Friday, August 05, 2016

Fringe 2016 - Couple Fight 2: Friends and Family - Next Time Mabye Less Couples, More Fight? - 4 stars

Tweet review - #mnfringe Couple Fight 2: Friends and Family - consistent slightly mindless fun - 4 stars

I missed the first Couple Fight last year, but I like the concept: people reenacting the most ridiculous fight they ever had with a loved one, so they can laugh at themselves at the same time we do.

“You don’t think you’re Mom, and that makes you more Mom than Mom!”

There’s a lot of couples in this second outing of Couple Fight, friends and family edition.  There’s husband and wife team Rachael Davies and Andy Kraft, sisters Angie Martin and Casey Haeg, mother/daughter duo Pat and Emily Schmidt; friend pairings Sulia Altenberg and BriAnna Daniels, Anna Weggel-Reed and Richie McLarn, and Andy Hillbrands and Katy Kessler; and another husband/wife team that’s actually reenacting a battle of wills between mother Lacey Zeiler and toddler Lila (represented here by husband and father John Zeiler).  Playing yourself rather than a character is tough, and some performers were more successful at it than others.

“Are you still uncomfortable?”
“Me, too.”

Each of the fights was entertaining, but as the show continued I found myself wondering if I’d be getting more out of the fights if they were allowed more time to breathe.  Maybe if we had fewer couples and longer fights, they might be able to pay off more effectively.  Things felt a little crowded and a little rushed.

“I’m not done with my tantrum yet.”

For instance, while the friend fight between Sulia and BriAnna felt a little unfocused, I found the subject they were struggling with - race and how to discuss it in a way that wasn’t just trying to make uptight white people feel better - really intriguing.  Give them a director with a firmer hand and a little more time to play out that fight and that could be powerful as well as uncomfortably funny. 

“You’re using my tax money to ban my smoking.”
“You don’t pay taxes.”
“I know.”

Likewise, Andy and Katy’s fight (choosing sides in the Bernie vs. Hillary battle for the Democratic nomination for president) was actually a multi-part fight across several months.  No part of it really nailed the extremely fraught feeling I know many friends have had debating with people they respect about that choice - the lens they choose to look at the other candidate through, and the facts they choose to recite at one another.  Those are the kind of fights that can end a friendship if people stop listening to one another and close their minds as well as their ears.  That fight needed more time to land its blows, and less opportunity to defuse the situation by allowing them the chance to step away and restart.

“We’re gonna put on jammies/we’re gonna put on jammies/we’re gonna put on jammies/so mom can have some wine.”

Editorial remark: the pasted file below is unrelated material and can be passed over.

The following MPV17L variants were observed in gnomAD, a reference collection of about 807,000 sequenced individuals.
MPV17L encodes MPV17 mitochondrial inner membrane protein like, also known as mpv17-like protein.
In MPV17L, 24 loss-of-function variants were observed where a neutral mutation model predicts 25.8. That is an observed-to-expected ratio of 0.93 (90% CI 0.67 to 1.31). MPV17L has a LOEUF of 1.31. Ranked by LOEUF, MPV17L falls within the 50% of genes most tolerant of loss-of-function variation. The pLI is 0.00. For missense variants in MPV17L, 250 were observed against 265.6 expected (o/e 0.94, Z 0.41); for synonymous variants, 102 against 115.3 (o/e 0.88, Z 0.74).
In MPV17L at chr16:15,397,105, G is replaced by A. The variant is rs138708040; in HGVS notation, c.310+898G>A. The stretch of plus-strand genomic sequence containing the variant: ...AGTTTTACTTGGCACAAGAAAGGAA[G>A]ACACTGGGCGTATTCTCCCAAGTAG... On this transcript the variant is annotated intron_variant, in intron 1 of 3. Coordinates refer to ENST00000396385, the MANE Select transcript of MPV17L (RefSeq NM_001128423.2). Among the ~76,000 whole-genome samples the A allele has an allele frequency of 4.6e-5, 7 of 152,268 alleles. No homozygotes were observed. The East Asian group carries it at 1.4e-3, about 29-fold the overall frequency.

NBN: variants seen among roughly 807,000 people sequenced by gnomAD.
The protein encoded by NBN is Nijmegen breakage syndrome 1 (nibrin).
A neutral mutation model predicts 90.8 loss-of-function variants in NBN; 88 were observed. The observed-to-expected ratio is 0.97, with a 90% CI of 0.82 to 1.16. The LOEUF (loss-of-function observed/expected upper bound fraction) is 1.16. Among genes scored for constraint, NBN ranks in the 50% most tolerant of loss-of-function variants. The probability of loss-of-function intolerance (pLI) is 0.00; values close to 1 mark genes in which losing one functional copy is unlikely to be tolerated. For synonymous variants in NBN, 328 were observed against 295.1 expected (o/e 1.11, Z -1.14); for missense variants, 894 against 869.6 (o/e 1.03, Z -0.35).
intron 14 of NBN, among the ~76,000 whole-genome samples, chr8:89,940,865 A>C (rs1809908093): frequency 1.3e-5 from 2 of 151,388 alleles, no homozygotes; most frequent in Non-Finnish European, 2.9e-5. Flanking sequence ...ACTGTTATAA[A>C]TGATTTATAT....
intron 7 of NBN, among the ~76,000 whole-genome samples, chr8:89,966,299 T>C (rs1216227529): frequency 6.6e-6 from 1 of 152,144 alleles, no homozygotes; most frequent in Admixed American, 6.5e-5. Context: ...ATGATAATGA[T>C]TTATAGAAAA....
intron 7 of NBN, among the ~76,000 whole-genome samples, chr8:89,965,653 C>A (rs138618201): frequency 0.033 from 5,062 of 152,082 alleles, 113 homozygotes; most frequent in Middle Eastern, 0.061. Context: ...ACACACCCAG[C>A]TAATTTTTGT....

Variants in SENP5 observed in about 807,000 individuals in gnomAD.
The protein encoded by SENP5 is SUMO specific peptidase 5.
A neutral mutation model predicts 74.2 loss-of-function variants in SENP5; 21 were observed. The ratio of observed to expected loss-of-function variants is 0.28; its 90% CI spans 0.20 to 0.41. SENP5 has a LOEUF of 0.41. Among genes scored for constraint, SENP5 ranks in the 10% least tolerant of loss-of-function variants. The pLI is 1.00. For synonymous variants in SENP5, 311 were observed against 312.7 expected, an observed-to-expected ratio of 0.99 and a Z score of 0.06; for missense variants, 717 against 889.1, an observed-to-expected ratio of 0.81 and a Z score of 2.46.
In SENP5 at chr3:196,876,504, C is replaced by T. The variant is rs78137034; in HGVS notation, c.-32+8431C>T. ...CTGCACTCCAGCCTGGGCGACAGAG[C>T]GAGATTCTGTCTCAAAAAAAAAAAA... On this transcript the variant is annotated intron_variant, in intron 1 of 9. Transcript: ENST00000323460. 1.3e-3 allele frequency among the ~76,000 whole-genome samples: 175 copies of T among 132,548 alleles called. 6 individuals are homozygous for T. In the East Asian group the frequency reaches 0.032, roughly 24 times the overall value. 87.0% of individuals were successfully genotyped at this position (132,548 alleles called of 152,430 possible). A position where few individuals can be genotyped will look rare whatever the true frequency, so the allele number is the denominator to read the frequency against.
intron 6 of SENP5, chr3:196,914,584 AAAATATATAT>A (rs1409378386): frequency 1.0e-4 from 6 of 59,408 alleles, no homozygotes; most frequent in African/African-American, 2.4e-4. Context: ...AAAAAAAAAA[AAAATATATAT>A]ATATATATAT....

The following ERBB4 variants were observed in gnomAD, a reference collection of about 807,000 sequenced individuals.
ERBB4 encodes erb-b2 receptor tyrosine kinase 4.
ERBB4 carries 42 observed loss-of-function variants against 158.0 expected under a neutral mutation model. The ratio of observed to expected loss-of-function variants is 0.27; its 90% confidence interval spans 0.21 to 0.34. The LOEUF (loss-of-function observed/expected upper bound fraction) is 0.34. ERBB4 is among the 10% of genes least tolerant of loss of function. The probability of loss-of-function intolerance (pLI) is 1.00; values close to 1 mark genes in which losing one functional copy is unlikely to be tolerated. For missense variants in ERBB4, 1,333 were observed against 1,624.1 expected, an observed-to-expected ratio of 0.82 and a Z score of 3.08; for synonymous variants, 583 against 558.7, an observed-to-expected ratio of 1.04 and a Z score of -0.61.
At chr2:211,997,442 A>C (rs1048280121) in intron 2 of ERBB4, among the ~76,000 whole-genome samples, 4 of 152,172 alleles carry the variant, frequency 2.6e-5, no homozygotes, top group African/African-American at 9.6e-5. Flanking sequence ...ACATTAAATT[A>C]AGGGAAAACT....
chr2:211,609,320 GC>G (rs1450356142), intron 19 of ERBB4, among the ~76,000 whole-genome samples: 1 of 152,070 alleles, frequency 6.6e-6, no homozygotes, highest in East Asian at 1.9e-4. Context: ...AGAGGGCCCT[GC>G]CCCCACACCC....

Even Anna and Richie’s fight over the university’s indoor/outdoor complete smoking ban could have used more space.  This was probably the most successful of these three examples in actually seeming like a fight with stakes.  But the complexities of that fight, both personally and politically, felt short-handed rather than fully realized.  It seemed the most like a fight, and got some heartier laughs, but it still felt like it could have been pushed further.

“I’m so glad our party’s unified.”

The two most successful fights were family fights.  Sisters Angie and Casey who kick off the evening, fighting while driving, had the most detailed and personal fight.  They also played with the convention of being in the round on stage for better laughs, turning around to face another part of the audience when their “car” was turning around, too.  Anyone who’s ridden with someone whose driving habits they can’t stand (especially if it’s a member of your family) completely understood the dynamics of this fight, which made it all the funnier.  They didn’t edit the family nature of the fight to make it nicer either.  In the spirit of the concept they allowed their fight to be just a ridiculous as fights between siblings often get.  (Yes, I have a younger brother, why do you ask?)

“How can you not like football?”

John Zeiler in a T-shirt and diaper pretending to be his own toddler daughter that wife Lacey is trying to get to go to bed probably isn’t fair to anyone else competing with them in the fight-off.  It’s weird, cute, and the physical comedy of trying to get a toddler into footie pajamas were the most genuinely earned laughs of the show.  The fact that he also played himself taking a call in mid-toddler fight, and then was using his portrayal of his daughter to get a little “booby” time as himself were both pretty fun variations on the convention of the couple fight.

“We knew I was gonna be a CONvergence widow.”

Some fights seemed like they were stretching their premise pretty thin, but most of the fights felt like if they had a little more time they might be more substantial, both as fights and entertainment.  But overall, the full show was still a win by Fringe comedy standards.  No one will go away not having chuckled, chortled or guffawed here.  There’s a lot of laughs to go around in Couple Fight 2: Friends and Family.  Keep tweaking the formula, who knows what you could end up with?

4 stars - Highly Recommended

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